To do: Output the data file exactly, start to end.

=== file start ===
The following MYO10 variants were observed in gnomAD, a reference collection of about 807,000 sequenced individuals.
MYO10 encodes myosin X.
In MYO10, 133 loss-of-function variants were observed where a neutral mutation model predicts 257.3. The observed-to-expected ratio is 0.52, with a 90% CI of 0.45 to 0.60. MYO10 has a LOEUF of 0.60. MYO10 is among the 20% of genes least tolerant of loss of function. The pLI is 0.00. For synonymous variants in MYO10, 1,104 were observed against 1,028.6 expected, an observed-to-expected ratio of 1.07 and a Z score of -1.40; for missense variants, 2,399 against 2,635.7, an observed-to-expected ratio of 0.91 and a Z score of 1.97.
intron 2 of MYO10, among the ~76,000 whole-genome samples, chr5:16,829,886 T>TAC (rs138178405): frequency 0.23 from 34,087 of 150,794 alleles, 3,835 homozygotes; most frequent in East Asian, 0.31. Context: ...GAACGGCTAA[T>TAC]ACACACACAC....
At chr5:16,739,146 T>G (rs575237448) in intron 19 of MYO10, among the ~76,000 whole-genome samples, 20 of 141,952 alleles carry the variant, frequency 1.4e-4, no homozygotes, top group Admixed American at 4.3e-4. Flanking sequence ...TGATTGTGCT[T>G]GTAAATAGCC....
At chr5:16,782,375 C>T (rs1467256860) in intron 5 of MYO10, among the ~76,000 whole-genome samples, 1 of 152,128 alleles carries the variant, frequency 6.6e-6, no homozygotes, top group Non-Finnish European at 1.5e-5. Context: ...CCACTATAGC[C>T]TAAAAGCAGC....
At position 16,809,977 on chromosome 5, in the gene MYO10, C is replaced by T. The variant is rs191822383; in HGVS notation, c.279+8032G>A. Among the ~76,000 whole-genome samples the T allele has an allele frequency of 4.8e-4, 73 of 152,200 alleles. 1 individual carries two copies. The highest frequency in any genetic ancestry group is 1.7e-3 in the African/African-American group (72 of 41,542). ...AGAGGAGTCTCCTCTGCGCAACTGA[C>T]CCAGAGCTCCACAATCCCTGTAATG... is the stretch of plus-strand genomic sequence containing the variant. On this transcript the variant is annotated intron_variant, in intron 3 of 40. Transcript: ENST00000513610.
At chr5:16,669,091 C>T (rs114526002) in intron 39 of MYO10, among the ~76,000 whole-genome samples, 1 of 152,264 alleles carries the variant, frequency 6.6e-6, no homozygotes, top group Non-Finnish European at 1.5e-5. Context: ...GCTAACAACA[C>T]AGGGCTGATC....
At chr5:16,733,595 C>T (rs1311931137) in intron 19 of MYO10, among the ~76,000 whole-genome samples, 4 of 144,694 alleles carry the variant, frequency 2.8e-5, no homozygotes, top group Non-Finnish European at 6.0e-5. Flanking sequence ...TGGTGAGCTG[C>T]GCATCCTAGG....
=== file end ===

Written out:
The following MYO10 variants were observed in gnomAD, a reference collection of about 807,000 sequenced individuals.
MYO10 encodes myosin X.
In MYO10, 133 loss-of-function variants were observed where a neutral mutation model predicts 257.3. The observed-to-expected ratio is 0.52, with a 90% CI of 0.45 to 0.60. MYO10 has a LOEUF of 0.60. MYO10 is among the 20% of genes least tolerant of loss of function. The pLI is 0.00. For synonymous variants in MYO10, 1,104 were observed against 1,028.6 expected, an observed-to-expected ratio of 1.07 and a Z score of -1.40; for missense variants, 2,399 against 2,635.7, an observed-to-expected ratio of 0.91 and a Z score of 1.97.
intron 2 of MYO10, among the ~76,000 whole-genome samples, chr5:16,829,886 T>TAC (rs138178405): frequency 0.23 from 34,087 of 150,794 alleles, 3,835 homozygotes; most frequent in East Asian, 0.31. Context: ...GAACGGCTAA[T>TAC]ACACACACAC....
At chr5:16,739,146 T>G (rs575237448) in intron 19 of MYO10, among the ~76,000 whole-genome samples, 20 of 141,952 alleles carry the variant, frequency 1.4e-4, no homozygotes, top group Admixed American at 4.3e-4. Flanking sequence ...TGATTGTGCT[T>G]GTAAATAGCC....
At chr5:16,782,375 C>T (rs1467256860) in intron 5 of MYO10, among the ~76,000 whole-genome samples, 1 of 152,128 alleles carries the variant, frequency 6.6e-6, no homozygotes, top group Non-Finnish European at 1.5e-5. Context: ...CCACTATAGC[C>T]TAAAAGCAGC....
At position 16,809,977 on chromosome 5, in the gene MYO10, C is replaced by T. The variant is rs191822383; in HGVS notation, c.279+8032G>A. Among the ~76,000 whole-genome samples the T allele has an allele frequency of 4.8e-4, 73 of 152,200 alleles. 1 individual carries two copies. The highest frequency in any genetic ancestry group is 1.7e-3 in the African/African-American group (72 of 41,542). ...AGAGGAGTCTCCTCTGCGCAACTGA[C>T]CCAGAGCTCCACAATCCCTGTAATG... is the stretch of plus-strand genomic sequence containing the variant. On this transcript the variant is annotated intron_variant, in intron 3 of 40. Transcript: ENST00000513610.
At chr5:16,669,091 C>T (rs114526002) in intron 39 of MYO10, among the ~76,000 whole-genome samples, 1 of 152,264 alleles carries the variant, frequency 6.6e-6, no homozygotes, top group Non-Finnish European at 1.5e-5. Context: ...GCTAACAACA[C>T]AGGGCTGATC....
At chr5:16,733,595 C>T (rs1311931137) in intron 19 of MYO10, among the ~76,000 whole-genome samples, 4 of 144,694 alleles carry the variant, frequency 2.8e-5, no homozygotes, top group Non-Finnish European at 6.0e-5. Flanking sequence ...TGGTGAGCTG[C>T]GCATCCTAGG....